‘Learn Everywhere’ undermines local control
NH Education Department’s plan eliminates a district’s ability to set diploma standards
The NH Department of Education has been promoting something it calls “Learn Everywhere” as an extension of the well-established and supported Extended Learning Opportunities that many middle and high schools offer to give students credit for academically relevant work they do in carefully structured work in their communities.
It would be a mistake to see it that way.
The wholesome-sounding Learn Everywhere program is actually the state administration attempting, in one move, to usurp the roles of both the Legislature and local school boards. Here’s how.
Gov. Sununu says that Senate Bill 435 was one of his major legislative priorities last year. He’s talking about a one-sentence bill that empowers the state Board of Education to adopt rules about “alternative programs for granting credit leading to graduation.” This is a bill sold to the Legislature as a minor administrative tweak that the governor is now using as a loophole big enough to drive a truck through.
This became apparent when the Department of Education presented the Learning Everywhere program to the state board in January. Under the new program, the board would grant a license to any for-profit or non-profit group with a presence in New Hampshire. That license would give the group the authority to issue academic credits that must be accepted by any New Hampshire high school.
As outlined, the process would be something like authorizing a charter school but, whereas a charter high school grants its own credits and diploma, “Learn Everywhere” groups, as they are called, would have the authority to create credits anywhere in the state — in Laconia, Bow, Salem, Hanover, anyplace.
Currently, each New Hampshire school board constructs a high school diploma that meets state standards while reflecting its community values, its student body and its plan for meeting their needs. That’s why local control is the bedrock for New Hampshire public education.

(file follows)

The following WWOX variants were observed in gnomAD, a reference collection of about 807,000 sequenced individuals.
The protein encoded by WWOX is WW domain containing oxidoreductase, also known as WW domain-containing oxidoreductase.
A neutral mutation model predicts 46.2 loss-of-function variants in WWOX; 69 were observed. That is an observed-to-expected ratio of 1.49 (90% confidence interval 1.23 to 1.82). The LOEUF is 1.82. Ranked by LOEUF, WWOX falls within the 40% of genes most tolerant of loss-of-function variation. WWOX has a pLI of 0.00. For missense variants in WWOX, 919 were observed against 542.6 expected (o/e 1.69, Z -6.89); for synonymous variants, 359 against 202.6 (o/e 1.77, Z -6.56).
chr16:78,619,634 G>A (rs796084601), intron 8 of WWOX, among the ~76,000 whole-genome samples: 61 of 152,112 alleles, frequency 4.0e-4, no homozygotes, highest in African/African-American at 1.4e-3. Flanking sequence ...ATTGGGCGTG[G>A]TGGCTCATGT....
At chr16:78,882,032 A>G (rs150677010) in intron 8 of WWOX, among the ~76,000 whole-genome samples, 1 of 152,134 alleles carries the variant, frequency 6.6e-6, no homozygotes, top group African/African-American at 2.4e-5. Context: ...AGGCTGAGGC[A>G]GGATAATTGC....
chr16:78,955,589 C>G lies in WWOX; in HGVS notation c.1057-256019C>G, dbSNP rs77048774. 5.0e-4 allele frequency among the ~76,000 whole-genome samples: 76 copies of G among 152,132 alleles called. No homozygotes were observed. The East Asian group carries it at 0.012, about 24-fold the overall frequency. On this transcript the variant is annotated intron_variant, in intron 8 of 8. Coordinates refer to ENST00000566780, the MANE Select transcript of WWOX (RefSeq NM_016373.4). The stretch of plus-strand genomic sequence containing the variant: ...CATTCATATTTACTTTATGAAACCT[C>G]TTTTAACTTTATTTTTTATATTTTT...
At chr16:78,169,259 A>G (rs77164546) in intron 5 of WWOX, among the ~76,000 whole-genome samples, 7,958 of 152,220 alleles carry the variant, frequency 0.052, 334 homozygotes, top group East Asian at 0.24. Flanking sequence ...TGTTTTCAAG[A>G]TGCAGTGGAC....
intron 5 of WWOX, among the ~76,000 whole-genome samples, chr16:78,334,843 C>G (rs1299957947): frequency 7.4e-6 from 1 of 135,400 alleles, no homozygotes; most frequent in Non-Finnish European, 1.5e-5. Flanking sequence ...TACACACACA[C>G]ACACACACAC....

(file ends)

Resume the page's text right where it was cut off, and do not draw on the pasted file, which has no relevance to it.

The department’s proposed program turns the whole system on its head and says, in essence, that local school boards would no longer be responsible for the quality of their own diplomas. The state board would outsource the authority to issue credits toward our high school diplomas to any private group in the state.
That includes the local dance instructor and the math tutorial program at the Boys and Girls Club. But it also includes full-on non-school schools like BigFish in Dover. Or a for-profit enterprise that might otherwise have started a school could now, with a state board accreditation, recruit students across the state for its online courses and grant certificates that every high school would have to accept. For that matter, anyone in a living room or church basement could do the same.
In the extreme case, a student could get most or all of her credits from Learn Everywhere groups and get a diploma from her local public high school. Over time, if the program caught on, local diplomas would no longer have the same meaning in the eyes of employers and post-secondary schools. They would essentially be New Hampshire State Board of Education diplomas.
The remedy is simple: Allow the program to happen if the governor wants it, but allow each school district to decide whether to grant academic credit for work under the Learn Everywhere program.
Parents and school board members who care about the quality of their diplomas have many ways to make themselves heard on this proposal. You can write to the governor and your legislators.
Recognizing learning beyond the school walls, a path New Hampshire has been on for years, is a valuable contribution to education. New Hampshire should not eliminate elected school boards’ control over their diplomas to recognize that learning.
Bill Duncan of New Castle is a former member of the NH Board of Education.